First Principles, by Thomas E. Ricks

Staff Pick

A former Pulitzer Prize-winning journalist well-read in military and world history, Tom Ricks explores how the classical educations of the first four U.S. presidents—Washington, Adams, Jefferson, and Madison—influenced their thinking and ultimately the contours of American democracy. First Principles is enlightening, lucid, entertaining, and particularly relevant at a time we’re all struggling in this country with how to get back to basic principles. At the end of the book is a helpful, practical chapter titled “What We Can Do.”

First Principles: What America's Founders Learned from the Greeks and Romans and How That Shaped Our Country Cover Image
ISBN: 9780062997456
Availability: Backordered
Published: Harper - November 10th, 2020

Agent Sonya, by Ben Macintyre

Staff Pick

Ben Macintyre, further burnishing his reputation as John le Carré’s nonfiction counterpart, recounts the story of another real-life, accomplished spy. This time his subject is Ursula Kuczynski—codename Sonya—who, over the course of a 20th-century career working for Moscow that took her from Germany to China, Poland, Switzerland, and eventually Britain, managed to elude German, British, and American authorities. Before coming in from the cold, she lived in a quiet village in the English Cotswolds with three children and a husband. Behind the facade of her picturesque life, she worked with nuclear physicist Klaus Fuchs, transmitting scientific secrets that enabled the Soviets to develop nuclear bombs

Agent Sonya: Moscow's Most Daring Wartime Spy Cover Image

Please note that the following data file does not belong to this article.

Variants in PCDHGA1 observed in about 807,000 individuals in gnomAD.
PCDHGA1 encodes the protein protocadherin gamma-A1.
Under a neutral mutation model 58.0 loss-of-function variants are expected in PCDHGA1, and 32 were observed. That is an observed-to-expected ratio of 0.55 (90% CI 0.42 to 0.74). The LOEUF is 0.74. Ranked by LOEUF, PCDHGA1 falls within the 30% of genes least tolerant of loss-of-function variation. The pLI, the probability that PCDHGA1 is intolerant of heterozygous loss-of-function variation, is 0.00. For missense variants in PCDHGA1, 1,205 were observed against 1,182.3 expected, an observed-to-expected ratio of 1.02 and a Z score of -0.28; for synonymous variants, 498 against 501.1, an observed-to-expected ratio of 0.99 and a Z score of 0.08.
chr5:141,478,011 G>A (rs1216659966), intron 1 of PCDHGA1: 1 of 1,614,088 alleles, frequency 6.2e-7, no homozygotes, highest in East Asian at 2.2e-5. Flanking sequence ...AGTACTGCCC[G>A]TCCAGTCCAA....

ISBN: 9780593136300
Availability: Not On Our Shelves—Ships in 1-5 Days
Published: Crown - September 15th, 2020

The Last Million, by David Nasaw

Staff Pick


Longtime history professor David Nasaw, who has authored several acclaimed biographies, provides a deeply researched and eye-opening account of how the world managed the massive refugee crisis that emerged after World War II. The one million displaced persons who ended up stranded for several years in camps in Germany included not only Jews who had survived the Holocaust but Polish forced laborers and Latvian, Estonian, Lithuanian, and Ukrainian collaborators who either refused to go home or had no homes to return to. In The Last Million, Nasaw describes how  humanitarian considerations often gave way to narrow foreign policy goals and Cold War calculations, setting a pattern for what governments would do when confronted by other refugee crises in the second half of the 20th and early 21st centuries.

The Last Million: Europe's Displaced Persons from World War to Cold War Cover Image
ISBN: 9781594206733
Availability: Not On Our Shelves—Ships in 1-5 Days
Published: Penguin Press - September 15th, 2020